Tag Archives: Terry Gilliam

No dona eis requiem: Another 1840 Tate Gallery GIF Party Submission

"1870 Rehearsing the Service: No dona eis Requiem" animated GIF by aforgrave

“1870 Rehearsing the Service: No dona eis Requiem” animated GIF by aforgrave

The original image is “Rehearsing the Service” from 1870 by Alphonse Legros, and is one of the images open for interpretation in the Tate Britain1840s GIF Party: Call for Submissions.

I had to wrap my brain around taking some kind of a different approach to get a GIF out of this image. I knew that something was in there, and it was by viewing the original image through the irreverent lense of Terry Gilliam and Monty Python that resulted in this little endeavour.

For those not familiar with the antecedent, we need look no further than the venerable You Tube: The following clip was kind enough to provide me with a subtitled transcription, which helped a lot.

Rather than going with a simple text bubble as I originally envisioned, I sourced an image via the Google (“illustrated manuscript images”) of a page from a $40,000 manuscript on the Christie’s Auction site (BOOK OF HOURS AND PRAYERBOOK, in Dutch, ILLUMINATED MANUSCRIPT ON VELLUM AND PAPER) and replaced the existing text with the monk’s speech using a font called GregorianFLF by Casady & Greene on

The final .psd file has on the order of 20 layers — the background (hands of both removed), a three layers for each of the left and right hands for the singer, the singers mouth, two layers for the eyes, three layers for the hands & book, a layer for the extended arms (I took a clipping from the cloak and extended it using the clone tool), a layer for the manuscript, 2 for the text, and a couple utility layers to mask out things that weren’t needed at various points.

At 256 colours, 35 final frames, and a 600 pixel width, the GIF weighs in at 568 KB — which I can live with for an enhanced Piece of Art.

Saved out at the original image width of 1536 pixels, the larger GIF is a bit more massive:

• LINK to the full-size (1536 pixels wide) version of the GIF (2.9 MB).


The Tate Gallery 1840 GIF Party submission deadline is fast approaching, February 2nd.  I’m looking forward to seeing the sharing of the submissions following the February 7th adjudication.

Reading A Monkey Movie

In looking for a film to fit into the I Can Read Movies assignment, I decided would start by repurposing my initial Monkey House vector graphic and work with Terry Gilliam’s 1995 film, 12 Monkeys.  Like Gilliam’s 1985 film, Brazil, the film is set in a dystopian future, but also introduces the wrinkle of time travel. Visually stunning and mind-bending, the film is worth viewing if you haven’t seen it.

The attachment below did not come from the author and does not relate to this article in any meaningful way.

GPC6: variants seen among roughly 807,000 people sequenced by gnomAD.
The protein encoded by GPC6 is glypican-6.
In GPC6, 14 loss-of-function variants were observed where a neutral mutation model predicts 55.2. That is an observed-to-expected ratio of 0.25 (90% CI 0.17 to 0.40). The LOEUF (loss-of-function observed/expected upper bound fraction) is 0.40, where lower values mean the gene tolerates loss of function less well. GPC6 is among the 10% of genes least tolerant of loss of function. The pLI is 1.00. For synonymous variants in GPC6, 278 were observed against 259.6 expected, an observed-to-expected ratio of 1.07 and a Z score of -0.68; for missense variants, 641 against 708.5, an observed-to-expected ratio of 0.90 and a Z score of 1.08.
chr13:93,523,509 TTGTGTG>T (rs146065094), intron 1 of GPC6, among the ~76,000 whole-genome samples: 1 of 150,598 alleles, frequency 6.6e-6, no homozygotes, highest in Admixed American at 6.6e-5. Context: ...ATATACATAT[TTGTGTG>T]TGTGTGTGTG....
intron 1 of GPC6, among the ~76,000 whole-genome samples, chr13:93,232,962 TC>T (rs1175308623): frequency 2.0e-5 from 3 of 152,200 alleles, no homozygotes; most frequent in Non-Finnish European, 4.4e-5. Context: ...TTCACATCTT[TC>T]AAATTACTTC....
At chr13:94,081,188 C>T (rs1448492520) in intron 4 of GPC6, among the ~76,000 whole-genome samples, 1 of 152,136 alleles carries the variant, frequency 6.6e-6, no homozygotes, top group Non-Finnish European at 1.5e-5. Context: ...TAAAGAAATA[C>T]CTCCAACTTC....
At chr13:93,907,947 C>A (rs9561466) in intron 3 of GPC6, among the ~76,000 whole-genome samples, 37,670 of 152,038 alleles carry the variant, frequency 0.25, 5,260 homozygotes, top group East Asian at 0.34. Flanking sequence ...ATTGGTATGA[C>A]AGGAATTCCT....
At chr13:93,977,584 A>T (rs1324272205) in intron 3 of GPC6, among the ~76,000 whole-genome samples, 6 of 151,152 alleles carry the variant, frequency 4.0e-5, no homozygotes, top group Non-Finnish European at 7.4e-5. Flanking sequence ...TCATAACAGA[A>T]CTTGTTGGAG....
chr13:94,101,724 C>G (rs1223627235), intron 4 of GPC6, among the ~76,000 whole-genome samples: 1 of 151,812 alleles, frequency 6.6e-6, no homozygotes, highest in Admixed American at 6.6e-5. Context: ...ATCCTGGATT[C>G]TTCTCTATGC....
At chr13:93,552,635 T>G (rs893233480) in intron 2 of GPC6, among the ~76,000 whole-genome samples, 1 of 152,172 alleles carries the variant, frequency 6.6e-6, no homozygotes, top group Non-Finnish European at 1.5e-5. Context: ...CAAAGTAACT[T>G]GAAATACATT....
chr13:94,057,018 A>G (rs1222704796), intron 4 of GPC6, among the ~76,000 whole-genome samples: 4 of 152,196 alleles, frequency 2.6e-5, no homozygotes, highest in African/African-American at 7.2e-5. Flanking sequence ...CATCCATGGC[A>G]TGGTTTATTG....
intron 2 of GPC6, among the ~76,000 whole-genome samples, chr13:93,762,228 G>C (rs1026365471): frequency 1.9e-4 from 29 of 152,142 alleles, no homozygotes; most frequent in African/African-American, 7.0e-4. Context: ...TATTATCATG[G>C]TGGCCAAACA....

I decided to work at extending my skills using Illustrator by trying to recreate the graphics template from the original book series. While that was easily doable, the further task of “aging” the book put a bit of a crimp in my timeline. I tried following the Photoshop tutorial by MOME, but struggled to get the right textures, and so, in the interests of time, I sought out some aged paper textures on the Internet, and eventually settled on Old_Scroll_Texture_II_by_Isthar_art, going back to Illustrator to get a partial effect. Unfortunately, of necessity, the layering put the effect under the text, so the text and images on the cover don’t really look aged to match the paper. However, as I was getting ready to post this, I decided to go back and try the tutorial once more, and managed to figure it out in Photoshop. Maybe I was sleepy the first time!

So here are two versions. First the Illustrator-only version, and second, the fiddled-with brushes-in-Photoshop version.

"I Can Read Movies: 12 Monkeys" by aforgrave, on Flickr

“I Can Read Movies: 12 Monkeys” by aforgrave, on Flickr

"I Can Read Movies: 12 Monkeys" by aforgrave, on Flickr

“I Can Read Movies: 12 Monkeys” by aforgrave, on Flickr

However, in doing a bit of research into the movie, I came across an amazing antecedent for the film, discovering that Gilliam’s film was actually a re-make/re-imaging of a quirky black and white still-motion sci-fi film from 1962 by Chris Marker, entitled La Jetée.

Searching online revealed a section of the film. Check it out.

Cool, eh?  If there isn’t already a ds106 video assignment focusing on telling a narrative like this using using still images, there should be. This film produces a wonderful result.  It’s reminiscent of the missing sections of Frank Capra’s 1937 Lost Horizon that have been replaced with existing promotion stills (to accompany the remaining audio track). It’s an eerie effect. And quite dramatic. It creates an interesting space for you to fill in some gaps on your own. Maybe I’ll aim for something like that when we get to video…

Now, as an add-in bonus, while searching for existing images for 12 Monkeys, I found this:

Brad Pitt from 12 Monkeys as an animated GIF

Brad Pitt from 12 Monkeys as an animated GIF (not mine!)

I’ve been looking for a film to explore the cinematic animated GIF assignment, Say It Like Peanut Butter. Perhaps I’ll take a further look into 12 Monkeys…

And, if that weren’t sufficient monkey-related input for summer reflection, my copy of our Camp Magic MacGuffin Monkey House name inspiration arrived recently in the mail.

"Summer Reading for Monkeys" by aforgrave, on Flickr

“Summer Reading for Monkeys” by aforgrave, on Flickr

Read on, Monkeys and campers! Read on!!

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